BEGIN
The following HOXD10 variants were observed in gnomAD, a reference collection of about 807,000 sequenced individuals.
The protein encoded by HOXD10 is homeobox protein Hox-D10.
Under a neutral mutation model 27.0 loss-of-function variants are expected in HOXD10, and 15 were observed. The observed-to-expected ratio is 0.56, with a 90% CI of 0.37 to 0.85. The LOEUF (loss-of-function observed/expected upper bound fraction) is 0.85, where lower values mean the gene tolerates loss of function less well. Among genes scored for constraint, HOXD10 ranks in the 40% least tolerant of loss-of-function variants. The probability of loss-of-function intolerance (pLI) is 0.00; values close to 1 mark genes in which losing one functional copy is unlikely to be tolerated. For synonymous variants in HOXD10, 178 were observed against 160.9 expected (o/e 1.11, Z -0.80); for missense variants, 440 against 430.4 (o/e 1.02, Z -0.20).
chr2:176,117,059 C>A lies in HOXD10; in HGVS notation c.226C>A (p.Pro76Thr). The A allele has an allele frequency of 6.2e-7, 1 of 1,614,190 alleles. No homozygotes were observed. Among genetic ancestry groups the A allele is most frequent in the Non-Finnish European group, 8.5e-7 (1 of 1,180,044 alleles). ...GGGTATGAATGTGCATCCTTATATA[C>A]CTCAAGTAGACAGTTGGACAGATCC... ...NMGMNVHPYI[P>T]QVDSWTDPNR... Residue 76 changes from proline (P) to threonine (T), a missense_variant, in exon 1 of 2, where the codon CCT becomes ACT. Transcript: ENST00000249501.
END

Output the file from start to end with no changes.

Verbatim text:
The following HOXD10 variants were observed in gnomAD, a reference collection of about 807,000 sequenced individuals.
The protein encoded by HOXD10 is homeobox protein Hox-D10.
Under a neutral mutation model 27.0 loss-of-function variants are expected in HOXD10, and 15 were observed. The observed-to-expected ratio is 0.56, with a 90% CI of 0.37 to 0.85. The LOEUF (loss-of-function observed/expected upper bound fraction) is 0.85, where lower values mean the gene tolerates loss of function less well. Among genes scored for constraint, HOXD10 ranks in the 40% least tolerant of loss-of-function variants. The probability of loss-of-function intolerance (pLI) is 0.00; values close to 1 mark genes in which losing one functional copy is unlikely to be tolerated. For synonymous variants in HOXD10, 178 were observed against 160.9 expected (o/e 1.11, Z -0.80); for missense variants, 440 against 430.4 (o/e 1.02, Z -0.20).
chr2:176,117,059 C>A lies in HOXD10; in HGVS notation c.226C>A (p.Pro76Thr). The A allele has an allele frequency of 6.2e-7, 1 of 1,614,190 alleles. No homozygotes were observed. Among genetic ancestry groups the A allele is most frequent in the Non-Finnish European group, 8.5e-7 (1 of 1,180,044 alleles). ...GGGTATGAATGTGCATCCTTATATA[C>A]CTCAAGTAGACAGTTGGACAGATCC... ...NMGMNVHPYI[P>T]QVDSWTDPNR... Residue 76 changes from proline (P) to threonine (T), a missense_variant, in exon 1 of 2, where the codon CCT becomes ACT. Transcript: ENST00000249501.